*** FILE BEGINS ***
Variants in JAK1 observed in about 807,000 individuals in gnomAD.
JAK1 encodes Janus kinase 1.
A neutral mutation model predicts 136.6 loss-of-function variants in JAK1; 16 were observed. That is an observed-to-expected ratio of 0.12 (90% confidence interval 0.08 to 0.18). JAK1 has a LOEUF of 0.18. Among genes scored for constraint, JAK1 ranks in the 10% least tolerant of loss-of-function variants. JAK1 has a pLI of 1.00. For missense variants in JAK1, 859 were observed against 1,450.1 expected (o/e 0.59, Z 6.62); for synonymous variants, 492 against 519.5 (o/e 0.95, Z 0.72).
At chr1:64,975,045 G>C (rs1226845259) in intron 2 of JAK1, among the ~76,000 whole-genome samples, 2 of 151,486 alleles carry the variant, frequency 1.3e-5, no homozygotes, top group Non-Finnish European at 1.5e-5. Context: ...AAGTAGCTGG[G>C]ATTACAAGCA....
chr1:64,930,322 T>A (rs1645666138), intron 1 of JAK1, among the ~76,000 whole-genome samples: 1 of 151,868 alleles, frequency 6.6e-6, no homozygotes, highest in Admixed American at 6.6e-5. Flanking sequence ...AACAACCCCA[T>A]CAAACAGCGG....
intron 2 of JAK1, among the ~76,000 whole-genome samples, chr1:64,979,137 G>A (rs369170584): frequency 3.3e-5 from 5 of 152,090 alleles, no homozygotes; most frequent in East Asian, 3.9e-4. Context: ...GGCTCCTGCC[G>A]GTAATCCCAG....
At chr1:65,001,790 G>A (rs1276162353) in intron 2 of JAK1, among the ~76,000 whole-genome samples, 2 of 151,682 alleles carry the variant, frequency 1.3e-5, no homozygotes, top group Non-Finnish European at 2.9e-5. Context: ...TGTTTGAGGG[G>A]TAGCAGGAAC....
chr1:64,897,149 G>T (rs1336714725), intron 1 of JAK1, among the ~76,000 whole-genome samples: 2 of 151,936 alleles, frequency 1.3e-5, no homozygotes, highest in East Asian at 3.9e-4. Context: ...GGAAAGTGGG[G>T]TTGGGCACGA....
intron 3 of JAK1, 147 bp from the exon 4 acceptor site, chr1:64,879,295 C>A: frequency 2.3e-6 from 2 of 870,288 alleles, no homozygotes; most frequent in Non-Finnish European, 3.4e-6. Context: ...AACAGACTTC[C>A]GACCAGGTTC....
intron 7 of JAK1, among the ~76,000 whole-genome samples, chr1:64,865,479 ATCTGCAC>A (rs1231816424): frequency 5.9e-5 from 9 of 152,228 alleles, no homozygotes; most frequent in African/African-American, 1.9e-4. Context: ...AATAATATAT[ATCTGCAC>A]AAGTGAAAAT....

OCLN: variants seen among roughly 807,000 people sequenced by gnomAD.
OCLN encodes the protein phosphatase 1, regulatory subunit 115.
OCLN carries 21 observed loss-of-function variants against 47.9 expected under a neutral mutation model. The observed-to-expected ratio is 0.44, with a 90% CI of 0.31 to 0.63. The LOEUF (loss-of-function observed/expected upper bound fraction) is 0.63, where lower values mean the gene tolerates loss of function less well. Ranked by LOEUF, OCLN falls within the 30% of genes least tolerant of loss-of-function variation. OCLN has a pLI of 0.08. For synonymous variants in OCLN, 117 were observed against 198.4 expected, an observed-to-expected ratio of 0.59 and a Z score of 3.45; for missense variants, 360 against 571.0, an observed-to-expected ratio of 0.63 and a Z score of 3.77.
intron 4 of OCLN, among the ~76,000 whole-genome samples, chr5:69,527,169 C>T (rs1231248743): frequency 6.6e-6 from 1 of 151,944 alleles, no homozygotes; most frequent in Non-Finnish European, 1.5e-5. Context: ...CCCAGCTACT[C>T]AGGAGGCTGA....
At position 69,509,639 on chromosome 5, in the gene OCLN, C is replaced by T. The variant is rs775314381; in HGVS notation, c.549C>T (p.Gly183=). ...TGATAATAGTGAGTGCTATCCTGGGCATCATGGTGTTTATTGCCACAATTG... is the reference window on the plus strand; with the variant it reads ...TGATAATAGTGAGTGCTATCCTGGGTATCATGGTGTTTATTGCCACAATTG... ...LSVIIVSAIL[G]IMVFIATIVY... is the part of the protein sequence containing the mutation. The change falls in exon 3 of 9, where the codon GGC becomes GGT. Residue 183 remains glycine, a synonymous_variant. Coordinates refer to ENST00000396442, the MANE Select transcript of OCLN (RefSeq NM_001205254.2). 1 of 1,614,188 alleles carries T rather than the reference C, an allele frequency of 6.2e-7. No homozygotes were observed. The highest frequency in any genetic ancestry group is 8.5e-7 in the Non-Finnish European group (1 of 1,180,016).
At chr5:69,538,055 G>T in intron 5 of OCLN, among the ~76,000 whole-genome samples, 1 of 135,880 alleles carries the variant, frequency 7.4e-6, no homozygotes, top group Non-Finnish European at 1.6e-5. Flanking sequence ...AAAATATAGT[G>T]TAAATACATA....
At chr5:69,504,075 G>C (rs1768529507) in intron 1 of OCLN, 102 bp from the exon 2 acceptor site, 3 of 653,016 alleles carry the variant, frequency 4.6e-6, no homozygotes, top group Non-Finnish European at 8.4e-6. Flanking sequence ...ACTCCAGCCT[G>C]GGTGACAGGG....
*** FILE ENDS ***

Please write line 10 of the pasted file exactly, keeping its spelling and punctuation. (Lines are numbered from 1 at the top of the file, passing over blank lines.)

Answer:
intron 7 of JAK1, among the ~76,000 whole-genome samples, chr1:64,865,479 ATCTGCAC>A (rs1231816424): frequency 5.9e-5 from 9 of 152,228 alleles, no homozygotes; most frequent in African/African-American, 1.9e-4. Context: ...AATAATATAT[ATCTGCAC>A]AAGTGAAAAT....